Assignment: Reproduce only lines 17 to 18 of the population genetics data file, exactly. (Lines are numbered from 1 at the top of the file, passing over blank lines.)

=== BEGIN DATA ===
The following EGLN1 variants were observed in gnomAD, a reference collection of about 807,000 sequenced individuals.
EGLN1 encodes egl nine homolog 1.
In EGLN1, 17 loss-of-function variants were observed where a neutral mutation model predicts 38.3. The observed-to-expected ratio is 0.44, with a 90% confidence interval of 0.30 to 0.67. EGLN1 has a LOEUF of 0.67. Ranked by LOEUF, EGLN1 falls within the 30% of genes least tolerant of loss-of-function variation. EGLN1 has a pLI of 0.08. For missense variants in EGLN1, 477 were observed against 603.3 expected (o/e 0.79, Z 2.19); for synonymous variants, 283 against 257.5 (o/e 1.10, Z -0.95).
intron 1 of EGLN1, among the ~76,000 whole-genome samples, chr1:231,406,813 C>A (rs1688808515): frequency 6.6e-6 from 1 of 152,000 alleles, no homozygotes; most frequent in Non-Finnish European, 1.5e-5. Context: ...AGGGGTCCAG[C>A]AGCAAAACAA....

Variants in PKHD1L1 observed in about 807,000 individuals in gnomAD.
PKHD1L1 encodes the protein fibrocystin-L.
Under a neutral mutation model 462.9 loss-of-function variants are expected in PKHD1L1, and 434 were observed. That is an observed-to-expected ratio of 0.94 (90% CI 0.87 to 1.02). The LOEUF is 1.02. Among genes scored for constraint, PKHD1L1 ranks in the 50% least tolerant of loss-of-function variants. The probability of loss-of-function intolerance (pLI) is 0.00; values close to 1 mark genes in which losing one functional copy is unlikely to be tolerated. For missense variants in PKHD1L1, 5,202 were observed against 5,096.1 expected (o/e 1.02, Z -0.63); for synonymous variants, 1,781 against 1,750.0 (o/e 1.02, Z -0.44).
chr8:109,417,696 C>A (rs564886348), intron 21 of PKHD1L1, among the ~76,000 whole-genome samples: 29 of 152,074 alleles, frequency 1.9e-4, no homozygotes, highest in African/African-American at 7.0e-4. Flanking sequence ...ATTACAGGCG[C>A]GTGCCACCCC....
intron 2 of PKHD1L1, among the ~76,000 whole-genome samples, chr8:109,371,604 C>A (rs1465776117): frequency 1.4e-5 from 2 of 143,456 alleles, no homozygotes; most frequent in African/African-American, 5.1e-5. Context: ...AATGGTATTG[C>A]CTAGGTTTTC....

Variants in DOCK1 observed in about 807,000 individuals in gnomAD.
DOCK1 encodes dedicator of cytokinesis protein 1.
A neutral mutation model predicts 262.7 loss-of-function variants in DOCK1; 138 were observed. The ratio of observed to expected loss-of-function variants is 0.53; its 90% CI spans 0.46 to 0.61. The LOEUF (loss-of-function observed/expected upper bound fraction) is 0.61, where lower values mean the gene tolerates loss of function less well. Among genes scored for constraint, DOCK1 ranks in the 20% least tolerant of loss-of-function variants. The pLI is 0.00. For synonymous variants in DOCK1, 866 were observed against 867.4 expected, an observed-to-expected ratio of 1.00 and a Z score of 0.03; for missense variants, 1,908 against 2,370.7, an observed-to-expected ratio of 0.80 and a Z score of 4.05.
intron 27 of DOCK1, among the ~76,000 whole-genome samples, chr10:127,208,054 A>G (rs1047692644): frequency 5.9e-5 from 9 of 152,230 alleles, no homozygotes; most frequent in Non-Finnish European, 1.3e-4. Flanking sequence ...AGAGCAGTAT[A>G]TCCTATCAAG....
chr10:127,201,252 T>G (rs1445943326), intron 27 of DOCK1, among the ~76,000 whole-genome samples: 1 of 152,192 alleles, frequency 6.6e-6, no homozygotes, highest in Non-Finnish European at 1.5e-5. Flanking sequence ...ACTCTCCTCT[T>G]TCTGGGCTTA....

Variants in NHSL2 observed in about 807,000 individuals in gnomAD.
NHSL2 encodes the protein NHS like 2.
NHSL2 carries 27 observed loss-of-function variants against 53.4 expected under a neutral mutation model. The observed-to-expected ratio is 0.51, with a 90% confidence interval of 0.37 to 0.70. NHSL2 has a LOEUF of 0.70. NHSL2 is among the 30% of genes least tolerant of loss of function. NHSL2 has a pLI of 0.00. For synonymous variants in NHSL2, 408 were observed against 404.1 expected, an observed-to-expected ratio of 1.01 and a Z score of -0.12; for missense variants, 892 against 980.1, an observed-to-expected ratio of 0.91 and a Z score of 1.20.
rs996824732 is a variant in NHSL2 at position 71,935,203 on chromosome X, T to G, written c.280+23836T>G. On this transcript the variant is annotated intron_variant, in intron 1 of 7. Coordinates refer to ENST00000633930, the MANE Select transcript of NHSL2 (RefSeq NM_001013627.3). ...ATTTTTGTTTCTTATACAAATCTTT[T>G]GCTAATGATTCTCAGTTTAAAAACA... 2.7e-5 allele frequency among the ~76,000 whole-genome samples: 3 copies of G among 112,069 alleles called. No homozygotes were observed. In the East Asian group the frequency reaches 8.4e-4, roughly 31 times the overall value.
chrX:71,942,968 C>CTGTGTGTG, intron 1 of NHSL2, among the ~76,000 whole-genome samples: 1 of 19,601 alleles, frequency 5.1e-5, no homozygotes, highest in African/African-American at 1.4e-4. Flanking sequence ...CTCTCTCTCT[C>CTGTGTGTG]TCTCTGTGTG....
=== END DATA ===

NHSL2 carries 27 observed loss-of-function variants against 53.4 expected under a neutral mutation model. The observed-to-expected ratio is 0.51, with a 90% confidence interval of 0.37 to 0.70. NHSL2 has a LOEUF of 0.70. NHSL2 is among the 30% of genes least tolerant of loss of function. NHSL2 has a pLI of 0.00. For synonymous variants in NHSL2, 408 were observed against 404.1 expected, an observed-to-expected ratio of 1.01 and a Z score of -0.12; for missense variants, 892 against 980.1, an observed-to-expected ratio of 0.91 and a Z score of 1.20.
rs996824732 is a variant in NHSL2 at position 71,935,203 on chromosome X, T to G, written c.280+23836T>G. On this transcript the variant is annotated intron_variant, in intron 1 of 7. Coordinates refer to ENST00000633930, the MANE Select transcript of NHSL2 (RefSeq NM_001013627.3). ...ATTTTTGTTTCTTATACAAATCTTT[T>G]GCTAATGATTCTCAGTTTAAAAACA... 2.7e-5 allele frequency among the ~76,000 whole-genome samples: 3 copies of G among 112,069 alleles called. No homozygotes were observed. In the East Asian group the frequency reaches 8.4e-4, roughly 31 times the overall value.